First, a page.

Guide to Vietnam’s Visa Policy for Visitors

activities - Vietnam: March 16, 2022

Did you know that travelling to Vietnam is easy? Travellers from dozens of countries, including the USA, Canada, the UK, Australia and India, either don’t need a visa to enter Vietnam or can get a simplified electronic visa online in advance!

In normal times, over 18 million foreign tourists visit Vietnam per year, with numbers climbing rapidly from just two million tourists in 2000. As such, if you’re thinking of visiting the home of such top locations as Hanoi, Ho Chi Minh City and Ha Long Bay, you’re in good company. Keep reading to learn the entry requirements for your nationality.

Which countries don’t need a visa to enter Vietnam?

 

There are 25 nationalities in the world that don’t need a visa to enter Vietnam. Here’s a list of these 25, along with the number of days that you’re permitted to stay in the country:

 

  • Belarus - 15 days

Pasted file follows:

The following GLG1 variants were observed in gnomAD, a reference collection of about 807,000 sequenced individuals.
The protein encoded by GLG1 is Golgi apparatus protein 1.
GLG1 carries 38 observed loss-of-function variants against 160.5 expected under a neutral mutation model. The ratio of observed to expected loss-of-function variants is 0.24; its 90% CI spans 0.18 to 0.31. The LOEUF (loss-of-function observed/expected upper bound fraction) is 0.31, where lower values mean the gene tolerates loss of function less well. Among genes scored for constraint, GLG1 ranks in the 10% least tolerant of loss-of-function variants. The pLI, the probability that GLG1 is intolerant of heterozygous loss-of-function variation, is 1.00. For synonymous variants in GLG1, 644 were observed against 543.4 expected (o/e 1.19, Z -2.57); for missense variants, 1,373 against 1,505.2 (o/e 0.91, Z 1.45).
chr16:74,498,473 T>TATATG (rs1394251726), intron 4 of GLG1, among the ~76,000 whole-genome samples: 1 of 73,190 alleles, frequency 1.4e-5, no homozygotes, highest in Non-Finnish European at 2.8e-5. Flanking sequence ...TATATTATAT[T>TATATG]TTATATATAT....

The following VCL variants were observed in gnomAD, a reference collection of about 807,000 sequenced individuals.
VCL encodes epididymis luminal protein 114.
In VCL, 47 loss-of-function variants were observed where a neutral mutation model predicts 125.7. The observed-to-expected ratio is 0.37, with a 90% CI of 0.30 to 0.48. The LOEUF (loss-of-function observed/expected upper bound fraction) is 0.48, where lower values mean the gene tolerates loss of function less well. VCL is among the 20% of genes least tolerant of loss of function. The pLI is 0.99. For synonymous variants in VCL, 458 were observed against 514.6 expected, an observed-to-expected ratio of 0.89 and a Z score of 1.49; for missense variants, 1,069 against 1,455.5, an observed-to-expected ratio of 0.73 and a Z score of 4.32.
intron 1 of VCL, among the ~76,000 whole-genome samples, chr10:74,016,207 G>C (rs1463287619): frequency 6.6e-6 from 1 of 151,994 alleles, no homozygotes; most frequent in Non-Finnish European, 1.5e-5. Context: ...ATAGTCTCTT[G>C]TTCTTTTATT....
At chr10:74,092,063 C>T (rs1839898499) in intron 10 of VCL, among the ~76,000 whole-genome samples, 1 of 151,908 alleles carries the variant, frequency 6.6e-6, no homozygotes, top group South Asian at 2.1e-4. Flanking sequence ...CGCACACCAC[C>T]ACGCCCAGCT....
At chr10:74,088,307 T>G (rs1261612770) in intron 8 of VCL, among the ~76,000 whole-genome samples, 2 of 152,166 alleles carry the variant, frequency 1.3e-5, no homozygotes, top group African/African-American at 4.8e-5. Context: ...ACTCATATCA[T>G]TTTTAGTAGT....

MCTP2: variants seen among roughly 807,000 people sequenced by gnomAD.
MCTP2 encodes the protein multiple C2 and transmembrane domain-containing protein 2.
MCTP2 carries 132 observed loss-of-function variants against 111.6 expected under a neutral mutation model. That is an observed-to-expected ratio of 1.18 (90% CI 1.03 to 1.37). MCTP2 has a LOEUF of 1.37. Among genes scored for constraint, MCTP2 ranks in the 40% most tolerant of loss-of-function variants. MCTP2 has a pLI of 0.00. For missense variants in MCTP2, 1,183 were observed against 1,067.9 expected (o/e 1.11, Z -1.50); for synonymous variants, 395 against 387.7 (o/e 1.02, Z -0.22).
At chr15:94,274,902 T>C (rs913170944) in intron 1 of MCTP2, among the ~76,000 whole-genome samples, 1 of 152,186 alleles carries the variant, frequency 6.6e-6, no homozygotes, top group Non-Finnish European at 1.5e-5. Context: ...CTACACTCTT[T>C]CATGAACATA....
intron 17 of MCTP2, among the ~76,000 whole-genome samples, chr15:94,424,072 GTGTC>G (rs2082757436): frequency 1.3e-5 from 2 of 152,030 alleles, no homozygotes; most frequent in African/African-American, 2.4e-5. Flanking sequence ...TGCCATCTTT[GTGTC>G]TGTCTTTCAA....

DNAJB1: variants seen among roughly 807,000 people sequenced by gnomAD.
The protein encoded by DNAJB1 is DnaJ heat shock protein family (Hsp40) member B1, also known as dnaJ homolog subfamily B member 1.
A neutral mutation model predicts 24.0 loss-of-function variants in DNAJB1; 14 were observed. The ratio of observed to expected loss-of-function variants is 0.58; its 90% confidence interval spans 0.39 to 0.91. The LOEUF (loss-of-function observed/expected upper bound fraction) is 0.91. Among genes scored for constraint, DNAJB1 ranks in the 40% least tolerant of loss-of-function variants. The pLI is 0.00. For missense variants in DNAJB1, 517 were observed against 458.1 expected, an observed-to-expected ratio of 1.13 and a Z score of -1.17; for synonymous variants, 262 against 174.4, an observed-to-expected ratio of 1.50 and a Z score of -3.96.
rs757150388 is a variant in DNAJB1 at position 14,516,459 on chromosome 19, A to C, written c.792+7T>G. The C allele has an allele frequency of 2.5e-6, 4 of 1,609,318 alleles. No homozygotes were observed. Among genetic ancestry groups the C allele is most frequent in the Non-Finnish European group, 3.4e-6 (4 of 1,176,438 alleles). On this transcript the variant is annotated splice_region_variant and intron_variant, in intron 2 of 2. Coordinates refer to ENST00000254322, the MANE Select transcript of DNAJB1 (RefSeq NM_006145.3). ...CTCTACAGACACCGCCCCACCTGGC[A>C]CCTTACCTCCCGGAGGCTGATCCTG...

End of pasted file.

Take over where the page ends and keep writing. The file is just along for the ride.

• Brunei - 14 days
  • Cambodia - 30 days
  • Chile - 90 days
  • Denmark  - 15 days    
  • Finland  - 15 days    
  • France - 15 days    
  • Germany - 15 days    
  • Indonesia - 30 days
  • Italy  - 15 days
  • Japan - 15 days
  • Kyrgyzstan - 30 days
  • Laos - 30 days
  • Malaysia - 30 days
  • Myanmar - 30 days
  • Norway - 15 days
  • Panama - 90 days
  • Philippines - 21 days
  • Russia - 15 days
  • Singapore - 30 days
  • South Korea - 15 days
  • Spain - 15 days
  • Sweden - 15 days
  • Thailand - 30 days
  • United Kingdom - 15 days

 

For all of these visa-free countries, you must have a printout of your return or onward travel bookings to be permitted entry to Vietnam.

It’s also worth noting that, for the European nations listed above, a gap of at least 30 days between each visa-free visit to Vietnam is required. As such, bear this in mind if you’re planning to visit this country and elsewhere in South East Asia multiple times.

 

 

Who can get an eVisa to enter Vietnam?